State Department: New Iran sanctions violate deal, will be vetoed

With talks set to resume this week, Republican-controlled Congress eyes bill that would trigger new sanctions on Iran should talks fail.

January 14, 2015 01:20
1 minute read.
President Barack Obama.

President Barack Obama acknowledges applause before he delivers the State of the Union address in the House Chamber at the U.S. Capitol in Washington, D.C., Jan. 28, 2014.. (photo credit: OFFICIAL WHITE HOUSE PHOTO / PETE SOUZA)


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WASHINGTON -- Any bill from Congress regarding new, nuclear-related sanctions on Iran during international talks over its nuclear program will be vetoed by US President Barack Obama, the State Department said on Tuesday.

Talks resume between Iran, the permanent five members of the United Nations Security Council and Germany in Geneva this week. The parties seek to forge a political framework agreement ending global concerns over the nature of Iran's program by the end of March.

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But in Congress, now under full Republican control, leadership plans on introducing a bill this week that would "trigger" new sanctions on Iran should talks ultimately fail, or should Tehran violate terms of an interim deal that laid the groundwork for negotiations, formally known as the Joint Plan of Action.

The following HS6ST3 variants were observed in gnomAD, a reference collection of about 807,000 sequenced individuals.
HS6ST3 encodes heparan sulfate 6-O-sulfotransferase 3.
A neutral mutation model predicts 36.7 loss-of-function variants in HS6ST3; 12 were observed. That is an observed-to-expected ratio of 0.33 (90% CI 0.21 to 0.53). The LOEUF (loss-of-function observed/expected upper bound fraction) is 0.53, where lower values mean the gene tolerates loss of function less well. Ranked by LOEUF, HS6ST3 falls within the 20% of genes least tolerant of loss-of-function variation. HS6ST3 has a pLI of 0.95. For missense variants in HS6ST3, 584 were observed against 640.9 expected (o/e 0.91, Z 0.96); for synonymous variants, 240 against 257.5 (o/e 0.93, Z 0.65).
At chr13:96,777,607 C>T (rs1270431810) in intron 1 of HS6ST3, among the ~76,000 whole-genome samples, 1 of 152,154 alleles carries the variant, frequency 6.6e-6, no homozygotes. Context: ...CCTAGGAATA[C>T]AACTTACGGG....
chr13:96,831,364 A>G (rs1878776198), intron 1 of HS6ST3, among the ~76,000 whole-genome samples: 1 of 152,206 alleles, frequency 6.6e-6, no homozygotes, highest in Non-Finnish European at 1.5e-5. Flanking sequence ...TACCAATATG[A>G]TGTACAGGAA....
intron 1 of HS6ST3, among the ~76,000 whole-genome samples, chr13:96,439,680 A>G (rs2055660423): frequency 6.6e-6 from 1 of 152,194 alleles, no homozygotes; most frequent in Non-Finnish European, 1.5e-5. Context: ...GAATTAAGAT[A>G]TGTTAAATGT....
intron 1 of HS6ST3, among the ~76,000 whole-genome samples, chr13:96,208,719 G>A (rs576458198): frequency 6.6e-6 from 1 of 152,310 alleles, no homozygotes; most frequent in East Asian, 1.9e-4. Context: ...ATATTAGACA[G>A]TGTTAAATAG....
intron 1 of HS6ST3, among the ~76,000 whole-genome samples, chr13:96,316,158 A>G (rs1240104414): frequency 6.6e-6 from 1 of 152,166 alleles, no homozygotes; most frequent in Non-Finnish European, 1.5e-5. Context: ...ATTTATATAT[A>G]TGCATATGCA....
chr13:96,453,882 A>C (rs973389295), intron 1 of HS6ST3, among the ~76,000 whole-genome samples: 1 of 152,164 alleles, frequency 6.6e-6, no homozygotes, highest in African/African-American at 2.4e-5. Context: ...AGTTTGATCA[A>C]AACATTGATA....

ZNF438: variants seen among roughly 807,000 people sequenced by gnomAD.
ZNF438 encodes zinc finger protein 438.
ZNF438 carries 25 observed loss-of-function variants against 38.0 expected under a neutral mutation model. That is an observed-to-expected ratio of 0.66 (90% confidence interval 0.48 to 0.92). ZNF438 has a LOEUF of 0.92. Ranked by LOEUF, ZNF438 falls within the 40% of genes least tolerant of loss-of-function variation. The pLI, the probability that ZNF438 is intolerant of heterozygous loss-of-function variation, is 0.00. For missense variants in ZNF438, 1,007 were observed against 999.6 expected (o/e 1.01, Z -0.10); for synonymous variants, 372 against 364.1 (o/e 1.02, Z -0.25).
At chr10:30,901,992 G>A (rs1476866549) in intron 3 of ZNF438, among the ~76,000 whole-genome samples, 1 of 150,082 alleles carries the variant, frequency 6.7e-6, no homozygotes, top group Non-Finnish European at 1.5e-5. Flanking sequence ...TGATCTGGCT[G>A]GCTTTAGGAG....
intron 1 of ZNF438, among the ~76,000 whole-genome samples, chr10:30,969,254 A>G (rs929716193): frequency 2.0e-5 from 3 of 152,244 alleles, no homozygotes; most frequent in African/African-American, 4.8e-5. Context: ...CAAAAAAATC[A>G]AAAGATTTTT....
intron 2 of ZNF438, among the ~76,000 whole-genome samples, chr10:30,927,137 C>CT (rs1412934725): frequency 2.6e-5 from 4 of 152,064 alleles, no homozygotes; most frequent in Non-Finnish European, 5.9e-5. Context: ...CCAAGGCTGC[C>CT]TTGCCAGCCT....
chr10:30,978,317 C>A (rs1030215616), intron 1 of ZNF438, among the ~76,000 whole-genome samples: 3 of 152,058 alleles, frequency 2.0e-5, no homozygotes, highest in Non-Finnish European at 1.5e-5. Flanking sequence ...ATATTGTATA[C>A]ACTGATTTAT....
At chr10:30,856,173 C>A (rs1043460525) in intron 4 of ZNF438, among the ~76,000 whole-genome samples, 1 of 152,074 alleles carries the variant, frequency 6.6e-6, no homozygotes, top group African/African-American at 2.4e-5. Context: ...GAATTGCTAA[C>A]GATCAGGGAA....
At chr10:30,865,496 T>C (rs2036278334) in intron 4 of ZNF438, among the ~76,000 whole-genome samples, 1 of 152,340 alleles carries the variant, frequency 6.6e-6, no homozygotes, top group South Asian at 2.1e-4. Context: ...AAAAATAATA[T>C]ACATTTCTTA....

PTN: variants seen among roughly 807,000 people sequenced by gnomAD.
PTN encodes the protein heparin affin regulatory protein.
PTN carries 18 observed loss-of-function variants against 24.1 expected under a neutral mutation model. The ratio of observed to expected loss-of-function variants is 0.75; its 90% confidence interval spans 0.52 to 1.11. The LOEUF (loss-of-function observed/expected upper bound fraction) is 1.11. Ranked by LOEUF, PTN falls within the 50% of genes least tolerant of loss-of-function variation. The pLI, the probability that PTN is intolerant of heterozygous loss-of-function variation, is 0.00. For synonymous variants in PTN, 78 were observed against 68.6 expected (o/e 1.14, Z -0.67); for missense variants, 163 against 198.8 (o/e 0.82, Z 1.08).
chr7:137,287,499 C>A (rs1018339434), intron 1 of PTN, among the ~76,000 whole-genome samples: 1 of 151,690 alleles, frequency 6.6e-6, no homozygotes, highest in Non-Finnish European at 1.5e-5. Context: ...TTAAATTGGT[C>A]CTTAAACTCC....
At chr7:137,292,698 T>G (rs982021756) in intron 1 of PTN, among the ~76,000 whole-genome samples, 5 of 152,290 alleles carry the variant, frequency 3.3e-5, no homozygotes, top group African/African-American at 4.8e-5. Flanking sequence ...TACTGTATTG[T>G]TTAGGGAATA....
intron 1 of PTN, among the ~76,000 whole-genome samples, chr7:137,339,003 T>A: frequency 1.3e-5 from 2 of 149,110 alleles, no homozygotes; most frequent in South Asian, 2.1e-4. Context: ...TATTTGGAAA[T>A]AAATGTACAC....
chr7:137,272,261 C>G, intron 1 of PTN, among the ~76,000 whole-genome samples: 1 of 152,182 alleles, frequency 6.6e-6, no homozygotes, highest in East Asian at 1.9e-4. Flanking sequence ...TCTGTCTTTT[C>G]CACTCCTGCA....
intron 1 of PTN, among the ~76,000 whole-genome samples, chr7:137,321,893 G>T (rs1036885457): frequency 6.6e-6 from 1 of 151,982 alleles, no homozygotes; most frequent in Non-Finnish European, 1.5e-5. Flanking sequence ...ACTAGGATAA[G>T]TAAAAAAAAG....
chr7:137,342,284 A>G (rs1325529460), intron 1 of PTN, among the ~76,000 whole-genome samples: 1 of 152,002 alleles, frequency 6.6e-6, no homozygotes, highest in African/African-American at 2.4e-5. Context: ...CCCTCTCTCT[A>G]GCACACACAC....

"Even with a trigger, if there's a bill that's signed into law, and it is US law, in our mind it is a violation of the Joint Plan of Action— which, as we've said, could encourage Iran to violate it," State Department deputy spokeswoman Marie Harf said on Tuesday.

"A sanctions bill, trigger or not, that is passed and signed into law by the president, which we've said we will not do... would be a violation of the JPOA," she continued. If a deal does not come to pass, Harf said, "we could put initial sanctions on Iran in 24 hours."

Obama briefed Prime Minister Benyamin Netanyahu by phone on Monday on "recent developments" in the negotiations. Diplomats at the table have given themselves until June to reach a final, comprehensive agreement.

Speaking ahead of the Geneva round, a source in the Prime Minister's Office said that Israel believes pressure on Iran should remain, and even be beefed up "until we see Iran dismantle the military elements" of its nuclear program.

The issue of the negotiations is one that comes up in every high-level discussion between Israeli and US officials, he said. Israel has been critical of the US position in negotiations from the start, calling for an increase in pressure.

"Sanctions alone do not stop Iran's nuclear program. It was through negotiations that we got to the Joint Plan of Action," Harf added.

Herb Keinon contributed to this report from Jerusalem.

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